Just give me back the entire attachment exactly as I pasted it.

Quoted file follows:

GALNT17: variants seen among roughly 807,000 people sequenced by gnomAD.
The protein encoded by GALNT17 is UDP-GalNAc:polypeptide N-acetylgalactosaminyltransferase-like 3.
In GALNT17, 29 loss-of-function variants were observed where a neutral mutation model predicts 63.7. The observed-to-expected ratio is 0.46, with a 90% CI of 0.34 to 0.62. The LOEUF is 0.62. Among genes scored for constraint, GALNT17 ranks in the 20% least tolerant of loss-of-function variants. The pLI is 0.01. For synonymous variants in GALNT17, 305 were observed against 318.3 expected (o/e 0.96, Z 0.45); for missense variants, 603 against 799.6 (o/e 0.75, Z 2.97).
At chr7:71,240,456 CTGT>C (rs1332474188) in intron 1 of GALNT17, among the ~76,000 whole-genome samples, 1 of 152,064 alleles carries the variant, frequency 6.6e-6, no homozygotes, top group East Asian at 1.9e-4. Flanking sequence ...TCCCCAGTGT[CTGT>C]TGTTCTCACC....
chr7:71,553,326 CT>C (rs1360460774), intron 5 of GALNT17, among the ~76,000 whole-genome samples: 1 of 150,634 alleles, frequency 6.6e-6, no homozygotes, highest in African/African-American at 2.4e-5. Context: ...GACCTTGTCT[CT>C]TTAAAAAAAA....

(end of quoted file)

GALNT17: variants seen among roughly 807,000 people sequenced by gnomAD.
The protein encoded by GALNT17 is UDP-GalNAc:polypeptide N-acetylgalactosaminyltransferase-like 3.
In GALNT17, 29 loss-of-function variants were observed where a neutral mutation model predicts 63.7. The observed-to-expected ratio is 0.46, with a 90% CI of 0.34 to 0.62. The LOEUF is 0.62. Among genes scored for constraint, GALNT17 ranks in the 20% least tolerant of loss-of-function variants. The pLI is 0.01. For synonymous variants in GALNT17, 305 were observed against 318.3 expected (o/e 0.96, Z 0.45); for missense variants, 603 against 799.6 (o/e 0.75, Z 2.97).
At chr7:71,240,456 CTGT>C (rs1332474188) in intron 1 of GALNT17, among the ~76,000 whole-genome samples, 1 of 152,064 alleles carries the variant, frequency 6.6e-6, no homozygotes, top group East Asian at 1.9e-4. Flanking sequence ...TCCCCAGTGT[CTGT>C]TGTTCTCACC....
chr7:71,553,326 CT>C (rs1360460774), intron 5 of GALNT17, among the ~76,000 whole-genome samples: 1 of 150,634 alleles, frequency 6.6e-6, no homozygotes, highest in African/African-American at 2.4e-5. Context: ...GACCTTGTCT[CT>C]TTAAAAAAAA....